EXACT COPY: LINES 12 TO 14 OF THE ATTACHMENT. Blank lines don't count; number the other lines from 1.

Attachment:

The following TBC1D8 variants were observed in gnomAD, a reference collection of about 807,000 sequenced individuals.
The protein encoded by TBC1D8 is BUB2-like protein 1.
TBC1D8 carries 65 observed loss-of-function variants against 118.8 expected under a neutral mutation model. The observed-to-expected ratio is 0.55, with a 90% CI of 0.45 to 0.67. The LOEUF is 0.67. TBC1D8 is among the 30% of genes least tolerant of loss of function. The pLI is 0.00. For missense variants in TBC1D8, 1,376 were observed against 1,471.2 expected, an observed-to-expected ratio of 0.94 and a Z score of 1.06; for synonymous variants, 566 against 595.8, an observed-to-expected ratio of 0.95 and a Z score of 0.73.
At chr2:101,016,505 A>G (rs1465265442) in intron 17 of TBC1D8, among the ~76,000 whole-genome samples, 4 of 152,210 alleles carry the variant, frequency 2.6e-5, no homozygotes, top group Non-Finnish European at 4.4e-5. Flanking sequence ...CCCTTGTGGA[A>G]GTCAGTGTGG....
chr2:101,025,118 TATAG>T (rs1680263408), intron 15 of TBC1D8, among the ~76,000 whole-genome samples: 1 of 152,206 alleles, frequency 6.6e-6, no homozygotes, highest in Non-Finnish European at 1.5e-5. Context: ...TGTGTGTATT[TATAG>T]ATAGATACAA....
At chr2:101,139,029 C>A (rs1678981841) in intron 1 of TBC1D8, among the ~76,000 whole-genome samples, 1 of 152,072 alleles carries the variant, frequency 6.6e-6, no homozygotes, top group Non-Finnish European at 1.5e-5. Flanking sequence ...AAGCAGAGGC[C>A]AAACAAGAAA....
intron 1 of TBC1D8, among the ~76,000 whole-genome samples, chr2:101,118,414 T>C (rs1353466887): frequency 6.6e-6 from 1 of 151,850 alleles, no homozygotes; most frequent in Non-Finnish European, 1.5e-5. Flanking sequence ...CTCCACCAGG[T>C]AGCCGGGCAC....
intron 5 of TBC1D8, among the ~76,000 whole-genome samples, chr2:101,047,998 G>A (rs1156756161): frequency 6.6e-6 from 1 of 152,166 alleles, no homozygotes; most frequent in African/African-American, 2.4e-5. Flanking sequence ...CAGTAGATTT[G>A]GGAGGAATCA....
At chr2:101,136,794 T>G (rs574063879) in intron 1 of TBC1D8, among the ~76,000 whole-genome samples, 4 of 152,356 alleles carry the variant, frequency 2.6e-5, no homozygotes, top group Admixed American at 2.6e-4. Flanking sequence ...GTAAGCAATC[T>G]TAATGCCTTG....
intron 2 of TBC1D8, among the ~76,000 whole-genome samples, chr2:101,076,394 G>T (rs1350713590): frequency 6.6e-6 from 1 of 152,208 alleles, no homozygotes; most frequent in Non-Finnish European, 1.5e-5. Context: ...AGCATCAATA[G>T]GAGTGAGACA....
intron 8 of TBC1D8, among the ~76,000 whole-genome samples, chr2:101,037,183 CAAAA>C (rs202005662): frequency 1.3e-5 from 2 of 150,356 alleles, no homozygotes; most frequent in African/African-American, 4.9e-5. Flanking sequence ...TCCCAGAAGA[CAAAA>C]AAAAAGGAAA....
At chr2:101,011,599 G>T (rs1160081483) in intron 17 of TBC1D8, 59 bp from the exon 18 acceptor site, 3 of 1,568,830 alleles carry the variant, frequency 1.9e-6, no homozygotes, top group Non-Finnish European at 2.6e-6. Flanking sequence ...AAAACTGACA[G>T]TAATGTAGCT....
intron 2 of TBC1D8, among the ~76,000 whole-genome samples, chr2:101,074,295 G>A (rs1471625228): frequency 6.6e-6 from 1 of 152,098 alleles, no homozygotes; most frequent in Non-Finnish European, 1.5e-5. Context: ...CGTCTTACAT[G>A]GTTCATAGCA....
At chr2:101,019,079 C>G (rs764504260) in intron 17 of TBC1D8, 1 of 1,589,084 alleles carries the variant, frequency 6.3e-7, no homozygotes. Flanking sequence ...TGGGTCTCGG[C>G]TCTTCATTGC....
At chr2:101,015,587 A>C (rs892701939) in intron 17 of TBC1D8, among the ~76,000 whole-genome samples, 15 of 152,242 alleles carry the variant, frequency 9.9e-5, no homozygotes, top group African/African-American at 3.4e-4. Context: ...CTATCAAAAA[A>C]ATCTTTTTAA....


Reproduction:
At chr2:101,011,599 G>T (rs1160081483) in intron 17 of TBC1D8, 59 bp from the exon 18 acceptor site, 3 of 1,568,830 alleles carry the variant, frequency 1.9e-6, no homozygotes, top group Non-Finnish European at 2.6e-6. Flanking sequence ...AAAACTGACA[G>T]TAATGTAGCT....
intron 2 of TBC1D8, among the ~76,000 whole-genome samples, chr2:101,074,295 G>A (rs1471625228): frequency 6.6e-6 from 1 of 152,098 alleles, no homozygotes; most frequent in Non-Finnish European, 1.5e-5. Context: ...CGTCTTACAT[G>A]GTTCATAGCA....
At chr2:101,019,079 C>G (rs764504260) in intron 17 of TBC1D8, 1 of 1,589,084 alleles carries the variant, frequency 6.3e-7, no homozygotes. Flanking sequence ...TGGGTCTCGG[C>G]TCTTCATTGC....